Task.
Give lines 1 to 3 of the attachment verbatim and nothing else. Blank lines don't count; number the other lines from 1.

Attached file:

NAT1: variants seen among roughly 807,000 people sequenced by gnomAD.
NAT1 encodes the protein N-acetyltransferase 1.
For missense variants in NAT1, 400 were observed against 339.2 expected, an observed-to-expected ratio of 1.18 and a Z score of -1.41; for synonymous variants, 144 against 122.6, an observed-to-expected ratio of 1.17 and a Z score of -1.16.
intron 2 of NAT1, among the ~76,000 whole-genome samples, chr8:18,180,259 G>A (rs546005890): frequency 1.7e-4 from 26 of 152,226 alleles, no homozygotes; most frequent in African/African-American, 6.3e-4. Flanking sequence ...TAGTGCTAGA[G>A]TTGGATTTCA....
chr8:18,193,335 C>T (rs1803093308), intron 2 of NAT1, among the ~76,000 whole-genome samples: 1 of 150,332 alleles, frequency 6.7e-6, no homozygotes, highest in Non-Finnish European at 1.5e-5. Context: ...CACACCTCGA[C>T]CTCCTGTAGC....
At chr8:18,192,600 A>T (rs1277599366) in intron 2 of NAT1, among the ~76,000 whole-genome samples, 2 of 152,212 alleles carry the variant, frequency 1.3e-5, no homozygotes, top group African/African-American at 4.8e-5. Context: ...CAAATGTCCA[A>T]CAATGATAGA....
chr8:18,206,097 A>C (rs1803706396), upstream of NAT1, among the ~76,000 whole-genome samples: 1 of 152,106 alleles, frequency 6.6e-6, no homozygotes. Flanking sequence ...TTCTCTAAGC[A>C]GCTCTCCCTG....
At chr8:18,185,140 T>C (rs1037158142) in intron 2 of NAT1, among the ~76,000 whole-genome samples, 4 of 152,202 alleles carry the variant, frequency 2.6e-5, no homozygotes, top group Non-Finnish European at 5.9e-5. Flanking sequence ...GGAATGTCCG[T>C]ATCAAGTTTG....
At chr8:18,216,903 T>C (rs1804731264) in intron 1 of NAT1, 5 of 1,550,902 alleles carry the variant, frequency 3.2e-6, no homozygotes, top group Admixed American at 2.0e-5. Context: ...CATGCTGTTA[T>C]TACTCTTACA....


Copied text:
NAT1: variants seen among roughly 807,000 people sequenced by gnomAD.
NAT1 encodes the protein N-acetyltransferase 1.
For missense variants in NAT1, 400 were observed against 339.2 expected, an observed-to-expected ratio of 1.18 and a Z score of -1.41; for synonymous variants, 144 against 122.6, an observed-to-expected ratio of 1.17 and a Z score of -1.16.